When a blood vessel is diseased, damaged, or blocked, a vascular graft is often used to replace it in order to allow blood to flow normally again, in turn permitting adequate oxygen and nutrients to reach the heart. Placing a vascular prosthesis of this sort is a delicate task in and of itself and is further complicated by the lack of suitable synthetic alternatives. Currently, there are no vascular prostheses available for use in clinical settings that have a diameter of less than 4 mm. In addition, there are a number of purposes for which it would be extremely beneficial to have the use of synthetic prosthetics but for which there are currently no available options.
Even in the case of availability of these synthetic prosthetics, they are less than ideal because they lack antithrombotic properties, are not biocompatible, and do not offer sufficient resistance to infection. In an effort to address this absence, researchers, mostly from the Faculty of Medicine at Saga University in Japan, examined the possibilities for using a bio-printer to create vascular prostheses that would be printed from the cells of the patient receiving the implant. The results of this ongoing research were recently released in an article published in the journal PLOS ONE.
This builds on research being conducted in other areas of tissue engineering that have explored the possibilities for the creation of non-scaffolded tissue generation. The concept behind the non-scaffolded tissue printing has been advanced as key to the creation of a number of biological implant components and uses cells’ natural tendency to clump together and form a spheroidal structure. Among the authors of this paper is Koichi Nakayama from the Fusion Graduate School of Science and Engineering at Saga University who developed a Bio-3D printer system that would use these spheroids as if they were components of a filament and print them on to each other to create a three-dimensional structure.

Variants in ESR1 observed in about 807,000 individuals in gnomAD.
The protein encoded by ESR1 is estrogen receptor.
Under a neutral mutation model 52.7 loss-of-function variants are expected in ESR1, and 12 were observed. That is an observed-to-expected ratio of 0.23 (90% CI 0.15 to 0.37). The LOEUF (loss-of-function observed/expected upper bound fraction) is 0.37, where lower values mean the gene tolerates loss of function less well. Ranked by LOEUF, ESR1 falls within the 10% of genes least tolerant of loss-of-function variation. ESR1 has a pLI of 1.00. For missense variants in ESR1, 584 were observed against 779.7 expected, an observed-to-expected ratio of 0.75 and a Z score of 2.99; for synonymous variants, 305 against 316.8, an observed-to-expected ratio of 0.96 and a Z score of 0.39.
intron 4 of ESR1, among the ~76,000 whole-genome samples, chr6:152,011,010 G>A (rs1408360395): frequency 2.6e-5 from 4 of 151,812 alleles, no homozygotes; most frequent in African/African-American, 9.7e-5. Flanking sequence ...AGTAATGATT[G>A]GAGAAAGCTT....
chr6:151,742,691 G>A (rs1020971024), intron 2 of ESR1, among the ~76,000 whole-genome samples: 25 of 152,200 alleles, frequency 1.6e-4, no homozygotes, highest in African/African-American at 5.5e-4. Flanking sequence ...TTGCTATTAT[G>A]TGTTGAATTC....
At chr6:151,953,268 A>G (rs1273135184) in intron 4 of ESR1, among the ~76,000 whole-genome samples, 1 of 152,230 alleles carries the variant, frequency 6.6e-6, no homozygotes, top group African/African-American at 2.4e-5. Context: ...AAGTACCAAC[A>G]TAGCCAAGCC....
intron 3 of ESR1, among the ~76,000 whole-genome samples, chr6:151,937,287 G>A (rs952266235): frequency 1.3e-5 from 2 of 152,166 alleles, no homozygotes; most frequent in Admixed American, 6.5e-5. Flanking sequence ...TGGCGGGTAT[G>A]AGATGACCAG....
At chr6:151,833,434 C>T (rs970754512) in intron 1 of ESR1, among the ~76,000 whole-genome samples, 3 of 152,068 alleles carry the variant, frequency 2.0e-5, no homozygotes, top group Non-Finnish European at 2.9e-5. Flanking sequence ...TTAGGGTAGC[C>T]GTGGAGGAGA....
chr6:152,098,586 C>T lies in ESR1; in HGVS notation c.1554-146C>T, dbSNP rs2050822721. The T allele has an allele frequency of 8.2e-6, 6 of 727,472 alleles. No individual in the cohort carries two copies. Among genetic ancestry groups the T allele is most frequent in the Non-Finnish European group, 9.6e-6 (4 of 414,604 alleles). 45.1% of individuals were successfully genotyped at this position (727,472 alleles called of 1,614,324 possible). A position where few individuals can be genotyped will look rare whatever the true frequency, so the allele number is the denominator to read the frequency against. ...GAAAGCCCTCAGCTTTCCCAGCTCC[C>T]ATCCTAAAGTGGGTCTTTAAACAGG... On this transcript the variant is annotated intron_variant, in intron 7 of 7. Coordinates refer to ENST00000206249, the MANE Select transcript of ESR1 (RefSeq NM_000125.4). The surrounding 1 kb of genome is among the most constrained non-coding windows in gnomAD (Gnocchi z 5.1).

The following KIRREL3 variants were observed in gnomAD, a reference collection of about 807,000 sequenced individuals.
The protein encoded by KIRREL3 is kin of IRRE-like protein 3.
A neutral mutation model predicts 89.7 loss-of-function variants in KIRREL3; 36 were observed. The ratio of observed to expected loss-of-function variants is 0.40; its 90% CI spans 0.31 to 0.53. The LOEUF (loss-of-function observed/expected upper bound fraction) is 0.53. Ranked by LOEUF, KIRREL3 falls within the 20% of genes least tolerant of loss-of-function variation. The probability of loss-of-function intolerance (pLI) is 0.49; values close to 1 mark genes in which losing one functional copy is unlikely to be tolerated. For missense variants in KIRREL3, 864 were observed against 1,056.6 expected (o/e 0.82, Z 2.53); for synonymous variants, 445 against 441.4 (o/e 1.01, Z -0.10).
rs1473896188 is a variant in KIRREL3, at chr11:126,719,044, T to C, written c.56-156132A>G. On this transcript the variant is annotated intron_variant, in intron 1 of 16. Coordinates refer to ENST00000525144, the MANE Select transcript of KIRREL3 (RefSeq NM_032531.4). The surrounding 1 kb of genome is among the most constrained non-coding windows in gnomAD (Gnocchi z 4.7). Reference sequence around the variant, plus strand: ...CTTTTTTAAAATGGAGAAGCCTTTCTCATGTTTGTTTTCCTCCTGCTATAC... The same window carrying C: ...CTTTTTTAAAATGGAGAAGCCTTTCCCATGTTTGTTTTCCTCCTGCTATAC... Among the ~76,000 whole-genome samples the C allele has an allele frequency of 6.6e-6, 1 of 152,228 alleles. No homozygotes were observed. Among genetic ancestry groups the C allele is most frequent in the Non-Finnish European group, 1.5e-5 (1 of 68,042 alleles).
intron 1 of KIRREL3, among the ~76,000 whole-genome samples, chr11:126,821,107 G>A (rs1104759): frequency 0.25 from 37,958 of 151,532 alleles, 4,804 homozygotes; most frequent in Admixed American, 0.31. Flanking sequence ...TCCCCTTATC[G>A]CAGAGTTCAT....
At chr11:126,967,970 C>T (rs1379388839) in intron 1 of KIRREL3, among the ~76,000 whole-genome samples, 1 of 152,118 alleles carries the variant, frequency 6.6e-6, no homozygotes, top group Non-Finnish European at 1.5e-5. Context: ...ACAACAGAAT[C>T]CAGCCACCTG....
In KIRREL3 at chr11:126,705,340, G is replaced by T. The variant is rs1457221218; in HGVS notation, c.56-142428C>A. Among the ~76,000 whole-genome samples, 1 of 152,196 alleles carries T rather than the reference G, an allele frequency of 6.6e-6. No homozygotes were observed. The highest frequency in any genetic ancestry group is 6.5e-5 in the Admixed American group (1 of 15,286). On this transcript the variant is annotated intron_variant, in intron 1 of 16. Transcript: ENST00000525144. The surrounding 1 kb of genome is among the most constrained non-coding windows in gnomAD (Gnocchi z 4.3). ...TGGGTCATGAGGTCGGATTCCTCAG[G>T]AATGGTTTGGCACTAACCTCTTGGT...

Using this technique would allow for the loading of the bioprinter with these multicellular spheroids (MCS) and print out a structure that had been designed with 3D modeling software. In the experiment conducted for this paper, a total of 500 MCS were assembled into a single 3D structure supported by a needle array, as directed by the pre-designed computer model. It took a total of 1.3 hours to complete the print and after four days the needle array was removed without disturbing the stability of the structure.
Unfortunately, portions of this experiment involved both the use of ‘nude rats’ as subjects and then their euthanization. From the experimentation on the rats, the researchers were able to gauge the success of their efforts as they described in their paper, “Scaffold-Free Tubular Tissues Created by a Bio-3D Printer Undergo Remodeling and Endothelialization when Implanted in Rat Aortae“:
“We developed a novel method to create scaffold-free small caliber tubular tissue from MCSs using a ‘Bio-3D printer’-based system. We successfully implanted the tubular tissue into rats and showed that the inner luminal surface of the structure was covered with endothelial cells after implantation. Although several studies have attempted to use MCSs for tissue-engineered scaffold-free artificial vessels, to the best of our knowledge, this is the first report to show endothelial cells which cover the inner surface of the tubular tissue fabricated with a technology of regeneration and tissue-engineering when implanted in vivo.”
In other words, they have experienced some success with this method, enough to make its continued exploration a valuable opportunity. This could lead to the production of vascular prosthesis that would not only be more easily accepted by the body but could also be far more stable than other methods currently available. In the end what it really means is that it could not only improve lives, it could also save them.
So, next time you see a rat, you might just want to thank it; their species has made possible a number of advances in medical technology.
Discuss these findings in the 3D Printed Vascular Prostheses Research forum thread over at 3DPB.com.
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